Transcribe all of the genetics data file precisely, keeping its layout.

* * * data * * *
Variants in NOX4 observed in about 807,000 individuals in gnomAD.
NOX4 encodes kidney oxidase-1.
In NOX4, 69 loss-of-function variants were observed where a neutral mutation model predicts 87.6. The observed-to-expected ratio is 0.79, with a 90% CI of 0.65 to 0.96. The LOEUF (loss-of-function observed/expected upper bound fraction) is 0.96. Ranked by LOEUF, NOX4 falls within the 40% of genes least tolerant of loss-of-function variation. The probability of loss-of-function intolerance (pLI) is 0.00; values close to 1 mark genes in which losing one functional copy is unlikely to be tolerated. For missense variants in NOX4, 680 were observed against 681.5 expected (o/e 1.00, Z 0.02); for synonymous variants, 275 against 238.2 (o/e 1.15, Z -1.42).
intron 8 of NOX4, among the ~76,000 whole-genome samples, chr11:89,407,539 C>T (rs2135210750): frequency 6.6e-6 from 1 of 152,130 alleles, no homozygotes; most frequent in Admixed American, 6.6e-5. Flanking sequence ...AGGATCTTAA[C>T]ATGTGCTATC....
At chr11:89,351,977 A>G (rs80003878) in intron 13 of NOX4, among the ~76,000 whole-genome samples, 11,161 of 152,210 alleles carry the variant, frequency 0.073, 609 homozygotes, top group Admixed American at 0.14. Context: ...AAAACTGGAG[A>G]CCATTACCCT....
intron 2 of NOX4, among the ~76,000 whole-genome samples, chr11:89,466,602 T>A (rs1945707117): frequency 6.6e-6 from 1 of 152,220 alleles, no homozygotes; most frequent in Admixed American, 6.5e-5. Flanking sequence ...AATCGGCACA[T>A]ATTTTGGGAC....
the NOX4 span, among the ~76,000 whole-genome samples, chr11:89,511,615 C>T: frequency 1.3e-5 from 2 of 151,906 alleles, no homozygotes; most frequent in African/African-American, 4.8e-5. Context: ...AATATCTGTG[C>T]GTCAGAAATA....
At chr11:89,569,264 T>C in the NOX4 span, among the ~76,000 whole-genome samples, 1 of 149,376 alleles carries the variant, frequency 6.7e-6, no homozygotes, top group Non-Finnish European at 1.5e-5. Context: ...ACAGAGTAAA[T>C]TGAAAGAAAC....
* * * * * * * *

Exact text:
Variants in NOX4 observed in about 807,000 individuals in gnomAD.
NOX4 encodes kidney oxidase-1.
In NOX4, 69 loss-of-function variants were observed where a neutral mutation model predicts 87.6. The observed-to-expected ratio is 0.79, with a 90% CI of 0.65 to 0.96. The LOEUF (loss-of-function observed/expected upper bound fraction) is 0.96. Ranked by LOEUF, NOX4 falls within the 40% of genes least tolerant of loss-of-function variation. The probability of loss-of-function intolerance (pLI) is 0.00; values close to 1 mark genes in which losing one functional copy is unlikely to be tolerated. For missense variants in NOX4, 680 were observed against 681.5 expected (o/e 1.00, Z 0.02); for synonymous variants, 275 against 238.2 (o/e 1.15, Z -1.42).
intron 8 of NOX4, among the ~76,000 whole-genome samples, chr11:89,407,539 C>T (rs2135210750): frequency 6.6e-6 from 1 of 152,130 alleles, no homozygotes; most frequent in Admixed American, 6.6e-5. Flanking sequence ...AGGATCTTAA[C>T]ATGTGCTATC....
At chr11:89,351,977 A>G (rs80003878) in intron 13 of NOX4, among the ~76,000 whole-genome samples, 11,161 of 152,210 alleles carry the variant, frequency 0.073, 609 homozygotes, top group Admixed American at 0.14. Context: ...AAAACTGGAG[A>G]CCATTACCCT....
intron 2 of NOX4, among the ~76,000 whole-genome samples, chr11:89,466,602 T>A (rs1945707117): frequency 6.6e-6 from 1 of 152,220 alleles, no homozygotes; most frequent in Admixed American, 6.5e-5. Flanking sequence ...AATCGGCACA[T>A]ATTTTGGGAC....
the NOX4 span, among the ~76,000 whole-genome samples, chr11:89,511,615 C>T: frequency 1.3e-5 from 2 of 151,906 alleles, no homozygotes; most frequent in African/African-American, 4.8e-5. Context: ...AATATCTGTG[C>T]GTCAGAAATA....
At chr11:89,569,264 T>C in the NOX4 span, among the ~76,000 whole-genome samples, 1 of 149,376 alleles carries the variant, frequency 6.7e-6, no homozygotes, top group Non-Finnish European at 1.5e-5. Context: ...ACAGAGTAAA[T>C]TGAAAGAAAC....